In the children’s entertainment report issued in the January issue, InterGame takes a look at the role of redemption games, weighs up the importance of the prize versus the experience and explores one of the great buzz words - ‘edutainment.’
The redemption segment is huge and is cited by many as the key to the future longevity of the amusement industry. The fact that it introduces a prize element to the game playing experience has provided a shot in the arm to the market and it is this sector that is experiencing the most growth. Venues that have traditionally looked to the addition of video amusements, such as bowling centres and restaurant chains, are recognising the value of redemption’s appeal across many age groups. At a time when games are accessible via mobile devices such as tablets, redemption games offer a way for FECs, for example, to differentiate themselves from everything else available out there.
funworld's Rainer Eder agrees: "When it comes to children, this aspect is very important. Praise and approval is used very often in the Touch Toy software. With sentences like 'you did a good job' or 'well done', for example, the child's performance is rewarded."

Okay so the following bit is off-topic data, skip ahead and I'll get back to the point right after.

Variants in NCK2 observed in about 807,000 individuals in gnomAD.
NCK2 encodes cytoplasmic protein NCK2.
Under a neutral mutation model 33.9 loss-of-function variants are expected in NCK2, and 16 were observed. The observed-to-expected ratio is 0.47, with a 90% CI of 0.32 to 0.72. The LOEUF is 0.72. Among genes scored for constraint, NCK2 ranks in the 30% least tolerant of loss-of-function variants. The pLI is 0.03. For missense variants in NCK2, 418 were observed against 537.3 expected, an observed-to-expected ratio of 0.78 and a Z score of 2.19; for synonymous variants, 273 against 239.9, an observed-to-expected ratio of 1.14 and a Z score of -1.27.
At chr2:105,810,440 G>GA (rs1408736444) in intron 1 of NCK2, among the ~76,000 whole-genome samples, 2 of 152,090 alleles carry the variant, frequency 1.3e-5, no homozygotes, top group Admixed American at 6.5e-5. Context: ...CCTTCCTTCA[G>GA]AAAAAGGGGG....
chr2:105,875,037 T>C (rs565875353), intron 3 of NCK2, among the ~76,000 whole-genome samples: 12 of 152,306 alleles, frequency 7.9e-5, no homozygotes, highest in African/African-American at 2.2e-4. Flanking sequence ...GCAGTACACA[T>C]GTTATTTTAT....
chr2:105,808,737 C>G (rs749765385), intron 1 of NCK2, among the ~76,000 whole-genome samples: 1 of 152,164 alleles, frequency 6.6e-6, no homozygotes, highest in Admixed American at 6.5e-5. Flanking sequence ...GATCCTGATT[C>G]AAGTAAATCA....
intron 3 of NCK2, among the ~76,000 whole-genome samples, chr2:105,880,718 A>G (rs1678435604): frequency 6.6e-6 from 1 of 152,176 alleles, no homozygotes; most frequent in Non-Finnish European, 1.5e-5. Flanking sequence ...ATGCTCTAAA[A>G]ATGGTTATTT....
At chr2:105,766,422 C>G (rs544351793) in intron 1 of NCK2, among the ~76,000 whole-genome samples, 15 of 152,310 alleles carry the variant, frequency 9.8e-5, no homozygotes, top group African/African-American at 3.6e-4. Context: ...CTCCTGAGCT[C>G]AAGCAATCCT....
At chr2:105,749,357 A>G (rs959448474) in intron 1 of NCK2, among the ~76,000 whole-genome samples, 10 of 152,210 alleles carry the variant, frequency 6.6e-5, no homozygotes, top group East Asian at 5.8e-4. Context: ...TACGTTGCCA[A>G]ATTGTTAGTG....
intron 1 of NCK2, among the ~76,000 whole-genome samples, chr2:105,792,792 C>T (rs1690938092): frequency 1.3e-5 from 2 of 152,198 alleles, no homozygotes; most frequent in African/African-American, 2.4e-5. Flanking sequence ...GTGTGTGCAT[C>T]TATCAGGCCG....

According to Sega's Burke, including an educational element to a game can work in some instances, making games more acceptable to parents. However, he stressed, it is an important balance.
This is a sentiment echoed by funworld’s Eder, who said that it poses an interesting challenge for game developers. “One challenge is the development of child-friendly software that is also pedagogically valuable and equipped with educational content”, he said. “However, the biggest challenge is certainly to transform this valuable content into interesting and fun games for children. This balancing act is known as ‘playful learning’.
There is a price for this level of innovation, however, if operators are willing to get on board, the children’s entertainment sector could be among the strongest within the amusement market.